Want the perfect workspace? Science has the solution
Maya Angelou tells of how she did most of her writing from hotel rooms. This is what she said about her process in a Paris Review interview:
I insist that all things are taken off the walls. I don’t want anything in there. I go into the room and I feel as if all my beliefs are suspended. Nothing holds me to anything. No milkmaids, no flowers, nothing. I just want to feel and then when I start to work I’ll remember. ”
“Nothing holds me to anything.” I love that line, don’t you? It is a perfect description of the state of flow that accompanies a creative act.
For Angelou, the writing space had to be blank; a space in which she could put “black on white” as Guy de Maupassant famously said.
There’s a distinction between the macro-environment, the culture and social conditions of your space, and the microenvironment, the room or area where you create your work.
The two types of environments have different influences, which can be used to effect depending on what stage of the creative process you are in.
For preparation, a diverse macro-environment that offers various ways of seeing the world through heterogeneous cultural outlooks may be optimal. As in Angelou’s case, for execution of the work, a stripped back microenvironment might be best for focussed concentration.
“ Let’s face it – having a few pot plants beats writing from prison. ”
When people have a say over decisions about how their workspace is designed efficiency improves, as well as accuracy. There is also a greater sense of permanence.
If you are an office manager, letting staff choose how the office should look has benefits for productivity.
Select furniture that’s rounded and arrange it in a circle.
Humans are innately disposed to find circles appealing. Perhaps this comes from our early vital fascination with the breast as a source of food.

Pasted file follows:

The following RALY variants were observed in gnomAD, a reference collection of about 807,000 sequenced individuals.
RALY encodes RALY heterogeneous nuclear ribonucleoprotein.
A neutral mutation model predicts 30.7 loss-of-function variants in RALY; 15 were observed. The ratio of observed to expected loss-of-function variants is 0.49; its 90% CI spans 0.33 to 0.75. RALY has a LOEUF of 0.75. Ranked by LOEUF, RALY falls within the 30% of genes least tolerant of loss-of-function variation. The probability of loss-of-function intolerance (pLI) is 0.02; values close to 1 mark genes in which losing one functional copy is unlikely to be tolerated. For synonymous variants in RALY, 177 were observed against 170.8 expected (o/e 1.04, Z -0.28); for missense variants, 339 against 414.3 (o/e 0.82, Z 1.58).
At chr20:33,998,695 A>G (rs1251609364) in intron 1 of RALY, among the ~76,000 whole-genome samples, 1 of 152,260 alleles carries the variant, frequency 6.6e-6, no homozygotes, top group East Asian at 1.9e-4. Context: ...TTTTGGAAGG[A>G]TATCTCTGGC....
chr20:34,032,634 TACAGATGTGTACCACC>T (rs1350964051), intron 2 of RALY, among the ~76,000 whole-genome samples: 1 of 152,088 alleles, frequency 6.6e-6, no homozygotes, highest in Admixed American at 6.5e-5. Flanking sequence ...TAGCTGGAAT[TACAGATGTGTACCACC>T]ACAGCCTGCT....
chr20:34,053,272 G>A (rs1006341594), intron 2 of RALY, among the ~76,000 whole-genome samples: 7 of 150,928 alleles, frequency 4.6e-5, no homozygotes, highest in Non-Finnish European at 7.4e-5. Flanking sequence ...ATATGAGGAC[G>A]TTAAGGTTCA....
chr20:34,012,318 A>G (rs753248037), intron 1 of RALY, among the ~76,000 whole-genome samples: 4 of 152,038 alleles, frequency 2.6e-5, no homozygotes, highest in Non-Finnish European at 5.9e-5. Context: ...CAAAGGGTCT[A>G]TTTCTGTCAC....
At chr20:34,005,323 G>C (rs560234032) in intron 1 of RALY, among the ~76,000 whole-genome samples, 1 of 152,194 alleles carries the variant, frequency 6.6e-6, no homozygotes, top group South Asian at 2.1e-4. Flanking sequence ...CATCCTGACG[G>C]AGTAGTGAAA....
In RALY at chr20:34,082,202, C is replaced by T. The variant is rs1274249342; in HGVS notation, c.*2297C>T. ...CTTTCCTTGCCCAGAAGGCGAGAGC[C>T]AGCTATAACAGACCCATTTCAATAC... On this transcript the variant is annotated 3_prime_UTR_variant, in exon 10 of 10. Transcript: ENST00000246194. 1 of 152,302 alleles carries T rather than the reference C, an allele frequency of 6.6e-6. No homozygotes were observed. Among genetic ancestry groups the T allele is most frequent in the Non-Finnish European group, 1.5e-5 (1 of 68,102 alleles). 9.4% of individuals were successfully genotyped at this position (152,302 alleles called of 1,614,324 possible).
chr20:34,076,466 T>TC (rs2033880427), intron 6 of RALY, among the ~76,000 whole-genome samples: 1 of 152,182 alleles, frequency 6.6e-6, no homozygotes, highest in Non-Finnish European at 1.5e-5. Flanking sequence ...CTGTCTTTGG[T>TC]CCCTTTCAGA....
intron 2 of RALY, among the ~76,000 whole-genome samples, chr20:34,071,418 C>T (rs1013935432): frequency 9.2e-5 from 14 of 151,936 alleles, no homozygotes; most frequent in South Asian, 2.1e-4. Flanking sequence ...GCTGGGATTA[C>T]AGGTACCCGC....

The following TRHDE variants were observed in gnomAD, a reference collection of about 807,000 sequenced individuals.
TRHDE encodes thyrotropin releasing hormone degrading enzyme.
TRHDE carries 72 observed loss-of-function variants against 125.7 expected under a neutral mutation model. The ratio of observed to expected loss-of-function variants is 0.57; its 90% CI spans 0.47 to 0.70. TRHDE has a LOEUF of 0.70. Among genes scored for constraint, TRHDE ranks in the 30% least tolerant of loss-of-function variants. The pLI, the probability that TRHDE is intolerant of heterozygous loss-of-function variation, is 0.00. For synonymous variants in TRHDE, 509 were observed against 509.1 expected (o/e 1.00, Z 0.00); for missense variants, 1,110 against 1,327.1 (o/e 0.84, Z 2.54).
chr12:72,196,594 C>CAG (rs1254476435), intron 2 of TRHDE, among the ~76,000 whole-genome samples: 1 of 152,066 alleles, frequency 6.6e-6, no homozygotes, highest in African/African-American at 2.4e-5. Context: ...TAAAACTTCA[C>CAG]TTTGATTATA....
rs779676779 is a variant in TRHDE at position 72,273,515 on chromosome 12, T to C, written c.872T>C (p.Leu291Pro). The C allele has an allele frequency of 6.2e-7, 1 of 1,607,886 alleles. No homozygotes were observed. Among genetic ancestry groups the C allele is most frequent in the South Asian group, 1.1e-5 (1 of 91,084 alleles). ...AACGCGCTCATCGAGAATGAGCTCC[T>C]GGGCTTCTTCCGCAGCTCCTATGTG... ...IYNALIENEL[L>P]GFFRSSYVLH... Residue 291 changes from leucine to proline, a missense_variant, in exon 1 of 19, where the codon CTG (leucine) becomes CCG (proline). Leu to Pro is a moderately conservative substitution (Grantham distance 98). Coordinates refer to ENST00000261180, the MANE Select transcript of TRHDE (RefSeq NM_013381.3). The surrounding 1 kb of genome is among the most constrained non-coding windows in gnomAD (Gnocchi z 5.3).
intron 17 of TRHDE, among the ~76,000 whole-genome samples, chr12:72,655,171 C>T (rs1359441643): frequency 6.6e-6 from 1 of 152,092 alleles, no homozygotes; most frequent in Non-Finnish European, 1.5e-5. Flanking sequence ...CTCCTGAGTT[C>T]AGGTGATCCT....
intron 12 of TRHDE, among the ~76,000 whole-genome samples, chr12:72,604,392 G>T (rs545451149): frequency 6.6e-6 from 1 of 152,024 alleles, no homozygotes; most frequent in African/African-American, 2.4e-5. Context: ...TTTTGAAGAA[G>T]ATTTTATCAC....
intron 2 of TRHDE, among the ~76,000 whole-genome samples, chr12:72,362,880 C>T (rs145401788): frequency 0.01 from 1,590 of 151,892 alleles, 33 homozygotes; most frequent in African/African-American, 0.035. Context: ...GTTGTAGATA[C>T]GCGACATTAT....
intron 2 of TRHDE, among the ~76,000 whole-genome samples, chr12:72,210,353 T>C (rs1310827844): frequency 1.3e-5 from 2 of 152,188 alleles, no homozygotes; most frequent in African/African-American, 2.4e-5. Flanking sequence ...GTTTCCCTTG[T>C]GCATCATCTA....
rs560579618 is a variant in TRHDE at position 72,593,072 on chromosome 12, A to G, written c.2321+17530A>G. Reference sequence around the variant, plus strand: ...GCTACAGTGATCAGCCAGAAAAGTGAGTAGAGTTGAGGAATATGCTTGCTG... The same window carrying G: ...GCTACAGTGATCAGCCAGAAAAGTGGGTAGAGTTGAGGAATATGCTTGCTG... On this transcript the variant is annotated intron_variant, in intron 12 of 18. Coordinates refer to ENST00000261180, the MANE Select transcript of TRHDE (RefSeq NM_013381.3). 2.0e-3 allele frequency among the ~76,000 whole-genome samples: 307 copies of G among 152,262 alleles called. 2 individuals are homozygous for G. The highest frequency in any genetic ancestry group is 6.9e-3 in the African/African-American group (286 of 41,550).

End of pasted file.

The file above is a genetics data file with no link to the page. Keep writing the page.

In a recent study students were asked to rate circular and rectangular rooms. Rooms with curvilinear settings elicited higher amounts of pleasant, un-arousing emotions (such as feeling relaxed, peaceful, and calm) than the rectilinear settings.
How furniture’s arranged may also impact workplace output – and brain function. A 2013 study showed that the parts of the brain used for aesthetic processing show an increase in activity when curvilinear spaces are viewed.
Further, the curvilinear spaces were rated as more approachable in an approach-avoidance scale.
Colour and light
Colours, light and space act as environmental metaphors. Environmental conditions can promote certain states of mind. For instance, a study from 2013 shows that priming participants for darkness, as well as actually putting them in the dark, enables a more “global and explorative processing style” which in turn leads to a sense of freedom and creativity.
Another study showed that if you want to get into the exploratory mode, blue is your colour, whereas red helps promote close attention to details.
As well as views of nature, plants in a workspace significantly reduce stress and increase attention span. Sure, these factors do not necessarily produce creativity, but they increase creative output. Another study shows direct benefits between elements of natural environment and perceived creativity of a workspace.
Many creatives tend toward abstract thinking that is not consciously and explicitly grounded in the ‘real’ or material aspects of their surroundings. But this research shows that certain factors can help to foster more creative spaces.